Last week, I wrote about the troubles at Google Knol. Coincidentally, there has been an abundance of coverage relating to the apparent plateau of entries in Wikipedia. The blog Augmented Social Cognition has done a two-part series (link to Part 1, link to Part 2) on the topic, and CNET, the Economist, and the Guardian have weighed in.
To me, the most interesting story is the one in the Guardian, which tells of Augmented Social Cognition group (the same group running the aforementioned blog) and their analysis of a complete download of Wikipedia. They found that an elite editor’s chance of having an edit reverted (undone) was 1%, while an infrequent editor’s chances of a change being reverted had gone from 5% to 15% between 2003 and 2008. For editors that make one change per month, their chances of having their edits reverted are now upward of 25%.
But, as is so often the case with data, the real question isn’t the observation but the interpretation.
What does it mean?
For the Augmented Social Cognition group, the data seem to point to a resource constraint. Wikipedia is huge, and concentrating power in a smaller set of editors means there’s now a clear constraint on growth. This might explain the plateau.
Others accuse Wikipedia of exhibiting an elitist stripe in the cadre of editors at the core of the online reference. The apparent intolerance for green-horn editors and furtive fixers has some concerned their exclusionary approach will have a chilling effect on prospective new editors, choking off new blood when it’s needed most.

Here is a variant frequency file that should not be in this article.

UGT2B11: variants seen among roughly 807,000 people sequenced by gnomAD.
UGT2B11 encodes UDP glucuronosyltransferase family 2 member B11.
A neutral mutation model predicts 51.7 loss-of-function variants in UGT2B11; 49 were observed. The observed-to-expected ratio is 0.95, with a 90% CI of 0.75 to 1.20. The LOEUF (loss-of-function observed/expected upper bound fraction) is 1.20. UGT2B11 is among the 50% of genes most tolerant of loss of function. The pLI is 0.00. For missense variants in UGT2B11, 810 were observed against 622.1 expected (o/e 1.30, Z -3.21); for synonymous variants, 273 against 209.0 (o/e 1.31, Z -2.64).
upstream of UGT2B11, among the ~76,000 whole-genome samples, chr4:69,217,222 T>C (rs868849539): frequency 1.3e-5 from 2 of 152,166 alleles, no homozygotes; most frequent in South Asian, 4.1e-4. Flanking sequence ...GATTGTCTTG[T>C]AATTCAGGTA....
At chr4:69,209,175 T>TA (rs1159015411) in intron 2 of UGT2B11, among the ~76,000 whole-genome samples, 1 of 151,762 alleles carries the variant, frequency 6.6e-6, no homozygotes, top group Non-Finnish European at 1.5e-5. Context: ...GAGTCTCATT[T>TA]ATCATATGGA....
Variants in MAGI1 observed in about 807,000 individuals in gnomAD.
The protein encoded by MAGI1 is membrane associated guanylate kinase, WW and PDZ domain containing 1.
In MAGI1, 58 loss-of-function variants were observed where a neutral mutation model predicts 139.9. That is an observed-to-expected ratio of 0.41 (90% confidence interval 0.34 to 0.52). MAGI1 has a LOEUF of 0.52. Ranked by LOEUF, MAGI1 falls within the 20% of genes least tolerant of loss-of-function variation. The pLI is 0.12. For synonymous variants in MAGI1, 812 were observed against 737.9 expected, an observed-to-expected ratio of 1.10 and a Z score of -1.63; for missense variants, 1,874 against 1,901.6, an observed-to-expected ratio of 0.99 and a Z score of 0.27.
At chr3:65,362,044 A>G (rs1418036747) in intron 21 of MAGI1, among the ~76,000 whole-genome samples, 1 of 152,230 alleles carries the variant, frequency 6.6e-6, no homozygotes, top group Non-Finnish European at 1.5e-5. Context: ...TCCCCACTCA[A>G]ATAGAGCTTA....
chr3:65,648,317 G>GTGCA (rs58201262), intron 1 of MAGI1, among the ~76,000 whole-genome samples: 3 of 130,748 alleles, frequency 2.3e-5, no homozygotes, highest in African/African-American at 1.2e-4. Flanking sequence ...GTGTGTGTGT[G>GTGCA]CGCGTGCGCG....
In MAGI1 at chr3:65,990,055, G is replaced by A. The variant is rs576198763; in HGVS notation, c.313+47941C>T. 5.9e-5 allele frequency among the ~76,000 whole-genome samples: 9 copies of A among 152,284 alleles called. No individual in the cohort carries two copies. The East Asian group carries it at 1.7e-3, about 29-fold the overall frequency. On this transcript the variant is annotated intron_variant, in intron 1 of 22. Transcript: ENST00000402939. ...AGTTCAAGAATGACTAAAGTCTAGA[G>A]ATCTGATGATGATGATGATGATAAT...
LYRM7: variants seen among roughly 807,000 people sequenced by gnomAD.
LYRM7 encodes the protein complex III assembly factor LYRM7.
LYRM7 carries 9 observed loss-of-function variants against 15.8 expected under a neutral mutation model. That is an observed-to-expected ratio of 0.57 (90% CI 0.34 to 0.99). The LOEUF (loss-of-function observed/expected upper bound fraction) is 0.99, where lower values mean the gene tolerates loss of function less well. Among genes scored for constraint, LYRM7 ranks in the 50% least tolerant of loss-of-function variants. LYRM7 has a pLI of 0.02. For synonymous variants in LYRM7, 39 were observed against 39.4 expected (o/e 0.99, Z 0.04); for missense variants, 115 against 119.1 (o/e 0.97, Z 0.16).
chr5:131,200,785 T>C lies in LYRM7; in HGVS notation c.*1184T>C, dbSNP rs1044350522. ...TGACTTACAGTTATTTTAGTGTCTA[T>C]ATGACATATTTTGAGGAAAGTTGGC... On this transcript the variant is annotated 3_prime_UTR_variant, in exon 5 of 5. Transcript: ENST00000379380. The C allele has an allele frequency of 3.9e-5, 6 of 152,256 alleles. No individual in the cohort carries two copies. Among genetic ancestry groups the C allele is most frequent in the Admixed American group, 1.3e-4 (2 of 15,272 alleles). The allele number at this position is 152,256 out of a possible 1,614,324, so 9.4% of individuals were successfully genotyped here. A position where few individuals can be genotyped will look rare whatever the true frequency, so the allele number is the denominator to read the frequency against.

For others, the plateau means that Wikipedia is approaching the limit of its growth — having covered the obvious items, it’s now dropping some things and is slower to add new items.
Yet others feel that the slowdown is a sign of Wikipedia taking its search for quality over quantity seriously.
Ultimately, it’s probably a mix of all these factors. Wikipedia is well beyond exploring the scope of a large reference work, with 8 terabytes of information in it (that’s 1,200 DVDs of data). Its editors have to be more careful because their work is more prominent and scrutinized than ever, and they are probably a bit jaded by now. It would be natural for the editors to be forming an insular community of experience, as well, which from the outside might look elitist. Accusations about a lack of quality have probably made them more diligent, too.
As an experiment in how quickly, well, and efficiently a major reference work can be assembled, Wikipedia has set a new standard.
It’s not perfect, it may be too big, and it may no longer be a populist medium.
But really, after 8 years of learning how to do something new, what did you expect? Given the alternatives, isn’t this actually a sign of sanity and health?
(Thanks, DC, for the inspiration and links.)